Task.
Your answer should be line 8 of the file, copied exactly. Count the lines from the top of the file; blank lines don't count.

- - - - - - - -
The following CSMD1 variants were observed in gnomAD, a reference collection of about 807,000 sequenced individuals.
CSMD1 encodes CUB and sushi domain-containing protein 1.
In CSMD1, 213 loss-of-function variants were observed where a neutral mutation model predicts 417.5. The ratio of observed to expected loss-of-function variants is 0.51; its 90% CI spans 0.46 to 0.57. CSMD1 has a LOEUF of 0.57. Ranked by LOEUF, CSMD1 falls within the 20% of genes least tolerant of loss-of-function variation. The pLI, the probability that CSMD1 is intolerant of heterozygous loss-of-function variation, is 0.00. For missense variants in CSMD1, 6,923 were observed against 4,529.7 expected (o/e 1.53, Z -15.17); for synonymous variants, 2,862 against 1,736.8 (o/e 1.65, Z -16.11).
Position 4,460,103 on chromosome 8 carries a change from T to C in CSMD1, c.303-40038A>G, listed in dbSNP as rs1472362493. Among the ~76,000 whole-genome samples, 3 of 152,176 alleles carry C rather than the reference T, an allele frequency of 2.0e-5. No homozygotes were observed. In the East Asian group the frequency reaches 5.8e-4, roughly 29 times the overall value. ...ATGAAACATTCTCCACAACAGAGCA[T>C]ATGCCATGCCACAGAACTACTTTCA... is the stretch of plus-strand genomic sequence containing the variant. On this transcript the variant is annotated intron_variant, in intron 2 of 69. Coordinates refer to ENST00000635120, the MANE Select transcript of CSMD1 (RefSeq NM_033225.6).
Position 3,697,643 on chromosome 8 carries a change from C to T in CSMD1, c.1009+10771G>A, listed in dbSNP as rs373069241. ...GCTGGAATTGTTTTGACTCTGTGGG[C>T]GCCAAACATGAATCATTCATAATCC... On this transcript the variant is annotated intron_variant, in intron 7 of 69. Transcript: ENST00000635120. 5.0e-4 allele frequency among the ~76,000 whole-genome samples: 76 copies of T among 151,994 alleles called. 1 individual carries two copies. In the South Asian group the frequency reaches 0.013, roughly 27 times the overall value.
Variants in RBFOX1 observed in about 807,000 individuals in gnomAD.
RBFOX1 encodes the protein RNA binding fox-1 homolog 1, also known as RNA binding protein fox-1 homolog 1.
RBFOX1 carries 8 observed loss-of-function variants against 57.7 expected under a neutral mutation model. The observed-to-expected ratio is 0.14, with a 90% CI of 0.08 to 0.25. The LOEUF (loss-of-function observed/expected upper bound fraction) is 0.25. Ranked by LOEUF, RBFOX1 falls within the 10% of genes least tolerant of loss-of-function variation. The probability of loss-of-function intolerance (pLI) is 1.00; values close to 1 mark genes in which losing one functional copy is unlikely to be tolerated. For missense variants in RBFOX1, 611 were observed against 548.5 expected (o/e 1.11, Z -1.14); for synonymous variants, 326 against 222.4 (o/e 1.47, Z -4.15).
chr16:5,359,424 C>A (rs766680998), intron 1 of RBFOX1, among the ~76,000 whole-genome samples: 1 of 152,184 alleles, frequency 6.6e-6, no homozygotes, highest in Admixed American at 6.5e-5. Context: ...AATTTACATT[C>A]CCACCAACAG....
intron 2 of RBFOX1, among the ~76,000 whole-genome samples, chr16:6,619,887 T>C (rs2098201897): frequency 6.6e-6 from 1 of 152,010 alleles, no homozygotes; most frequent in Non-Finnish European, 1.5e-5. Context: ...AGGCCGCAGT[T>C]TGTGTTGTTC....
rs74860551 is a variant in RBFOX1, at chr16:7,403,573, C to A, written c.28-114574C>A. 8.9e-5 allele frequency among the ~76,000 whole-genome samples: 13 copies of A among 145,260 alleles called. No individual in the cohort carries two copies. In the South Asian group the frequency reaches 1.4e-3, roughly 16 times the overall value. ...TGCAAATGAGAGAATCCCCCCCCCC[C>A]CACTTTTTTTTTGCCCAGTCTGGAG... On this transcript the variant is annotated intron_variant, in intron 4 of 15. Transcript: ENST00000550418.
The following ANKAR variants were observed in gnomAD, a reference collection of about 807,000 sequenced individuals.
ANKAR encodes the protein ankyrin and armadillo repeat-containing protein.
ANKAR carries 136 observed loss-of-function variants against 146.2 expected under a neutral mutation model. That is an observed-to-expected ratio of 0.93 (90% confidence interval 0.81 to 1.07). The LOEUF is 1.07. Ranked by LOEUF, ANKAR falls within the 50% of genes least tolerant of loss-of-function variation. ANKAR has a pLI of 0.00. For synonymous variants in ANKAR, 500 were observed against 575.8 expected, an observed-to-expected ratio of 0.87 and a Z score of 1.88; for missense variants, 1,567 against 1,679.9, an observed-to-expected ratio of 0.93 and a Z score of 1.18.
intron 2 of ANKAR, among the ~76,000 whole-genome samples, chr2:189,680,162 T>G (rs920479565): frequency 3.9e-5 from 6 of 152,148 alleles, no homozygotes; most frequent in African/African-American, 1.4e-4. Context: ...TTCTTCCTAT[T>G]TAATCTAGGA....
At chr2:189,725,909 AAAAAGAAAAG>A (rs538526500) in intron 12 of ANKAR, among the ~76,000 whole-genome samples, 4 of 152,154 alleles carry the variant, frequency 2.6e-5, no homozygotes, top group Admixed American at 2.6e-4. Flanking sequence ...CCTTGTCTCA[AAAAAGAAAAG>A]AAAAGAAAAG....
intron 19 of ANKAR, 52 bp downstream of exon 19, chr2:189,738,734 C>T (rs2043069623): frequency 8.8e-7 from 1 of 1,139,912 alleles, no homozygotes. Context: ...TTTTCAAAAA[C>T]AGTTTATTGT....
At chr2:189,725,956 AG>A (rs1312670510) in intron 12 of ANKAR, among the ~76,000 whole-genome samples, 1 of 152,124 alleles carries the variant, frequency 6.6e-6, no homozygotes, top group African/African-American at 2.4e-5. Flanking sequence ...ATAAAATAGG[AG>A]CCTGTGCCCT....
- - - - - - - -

RBFOX1 carries 8 observed loss-of-function variants against 57.7 expected under a neutral mutation model. The observed-to-expected ratio is 0.14, with a 90% CI of 0.08 to 0.25. The LOEUF (loss-of-function observed/expected upper bound fraction) is 0.25. Ranked by LOEUF, RBFOX1 falls within the 10% of genes least tolerant of loss-of-function variation. The probability of loss-of-function intolerance (pLI) is 1.00; values close to 1 mark genes in which losing one functional copy is unlikely to be tolerated. For missense variants in RBFOX1, 611 were observed against 548.5 expected (o/e 1.11, Z -1.14); for synonymous variants, 326 against 222.4 (o/e 1.47, Z -4.15).